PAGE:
With the help of the AME Zion Church, Tubman established the Home for the Aged, located at 180 South Street, in 1908 on the property that she had purchased at public auction from William H. Seward. Tubman spent the last few years of her life at this house and died there in 1913 at the age of 93. This two and one-half story, clapboard structure was the culmination of a life dedicated to uplifting the plight of those once condemned to servitude. Tubman deeded the property to the AME Zion Church, which continues to own and operate the site as a museum dedicated to preserving the humanitarian vision of its founder. This property is open to the public by appointment.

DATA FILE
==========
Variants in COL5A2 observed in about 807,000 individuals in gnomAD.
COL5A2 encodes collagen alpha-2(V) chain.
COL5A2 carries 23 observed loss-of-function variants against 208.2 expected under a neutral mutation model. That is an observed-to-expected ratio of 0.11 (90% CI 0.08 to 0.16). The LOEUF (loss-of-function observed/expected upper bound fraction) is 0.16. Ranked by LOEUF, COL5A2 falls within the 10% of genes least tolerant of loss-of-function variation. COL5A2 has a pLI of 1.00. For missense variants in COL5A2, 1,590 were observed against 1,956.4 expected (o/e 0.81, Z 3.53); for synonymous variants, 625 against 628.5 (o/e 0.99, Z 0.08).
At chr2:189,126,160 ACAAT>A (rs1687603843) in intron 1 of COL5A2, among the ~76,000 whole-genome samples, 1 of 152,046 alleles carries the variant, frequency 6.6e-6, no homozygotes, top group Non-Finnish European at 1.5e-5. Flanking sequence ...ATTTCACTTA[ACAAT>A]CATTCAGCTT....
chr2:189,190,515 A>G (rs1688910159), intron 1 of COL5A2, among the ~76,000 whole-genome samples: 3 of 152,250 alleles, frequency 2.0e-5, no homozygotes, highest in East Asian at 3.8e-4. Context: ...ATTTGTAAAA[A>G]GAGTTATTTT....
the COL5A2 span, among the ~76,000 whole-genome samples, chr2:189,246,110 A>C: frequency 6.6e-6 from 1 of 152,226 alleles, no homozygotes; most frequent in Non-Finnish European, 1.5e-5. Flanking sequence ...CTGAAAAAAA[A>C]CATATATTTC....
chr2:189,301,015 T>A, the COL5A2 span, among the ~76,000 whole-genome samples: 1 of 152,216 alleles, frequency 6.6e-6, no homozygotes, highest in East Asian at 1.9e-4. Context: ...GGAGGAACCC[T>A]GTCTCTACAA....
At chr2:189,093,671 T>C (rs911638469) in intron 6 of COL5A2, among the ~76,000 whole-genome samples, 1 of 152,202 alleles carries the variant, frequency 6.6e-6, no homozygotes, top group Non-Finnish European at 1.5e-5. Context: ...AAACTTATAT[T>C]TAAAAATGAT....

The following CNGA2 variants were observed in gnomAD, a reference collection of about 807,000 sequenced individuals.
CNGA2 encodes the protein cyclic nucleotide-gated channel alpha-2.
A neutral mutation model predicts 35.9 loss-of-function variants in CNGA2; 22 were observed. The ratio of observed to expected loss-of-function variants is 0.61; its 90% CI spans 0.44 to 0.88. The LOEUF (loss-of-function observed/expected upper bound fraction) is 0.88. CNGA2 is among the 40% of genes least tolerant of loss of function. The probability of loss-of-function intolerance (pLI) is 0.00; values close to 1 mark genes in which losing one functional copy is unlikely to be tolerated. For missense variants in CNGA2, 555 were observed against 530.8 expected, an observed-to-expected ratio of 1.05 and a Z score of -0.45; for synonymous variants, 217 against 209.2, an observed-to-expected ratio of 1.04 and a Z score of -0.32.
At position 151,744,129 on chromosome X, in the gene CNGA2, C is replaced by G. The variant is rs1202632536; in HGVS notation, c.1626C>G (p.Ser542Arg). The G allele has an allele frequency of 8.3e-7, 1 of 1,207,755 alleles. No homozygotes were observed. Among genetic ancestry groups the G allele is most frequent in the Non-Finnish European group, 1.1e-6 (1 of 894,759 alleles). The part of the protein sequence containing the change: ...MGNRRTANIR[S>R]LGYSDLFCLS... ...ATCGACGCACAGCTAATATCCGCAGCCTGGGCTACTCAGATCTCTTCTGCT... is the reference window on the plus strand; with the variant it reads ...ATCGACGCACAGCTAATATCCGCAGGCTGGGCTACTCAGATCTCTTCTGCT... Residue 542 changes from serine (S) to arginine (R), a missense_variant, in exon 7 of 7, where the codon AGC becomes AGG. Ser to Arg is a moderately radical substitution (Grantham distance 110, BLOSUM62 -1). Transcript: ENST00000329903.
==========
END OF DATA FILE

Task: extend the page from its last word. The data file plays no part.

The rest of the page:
Harriet Tubman played a significant role in the formation and progress of the Thompson Memorial A.M.E. Zion Church, located at 33 Parker Street. The church had a central importance in the life of Harriet Tubman. There are accounts of her enthusiastic rejoicing, leading the congregation in singing and praising the Lord. She also worked to strengthen the Church in central New York and took an active part in seeing that the new church was built on Parker Street in 1891. Although the historic church building still stands at this location, the congregation moved to another location within the City of Auburn in 1993.
Harriet Tubman was laid to rest at Fort Hill Cemetery, with military honors. At the time of her burial, the grave was marked only by the Norway spruce tree that still shelters the site. According to oral tradition, this was planted several years earlier to mark the nearby grave of a relative. In 1937, the Empire State Federation of Women’s Clubs placed the present marker on the site. The grave is also a focus of the annual Pilgrimage conducted by the A.M.E. Zion Church to commemorate Harriet Tubman’s life and work.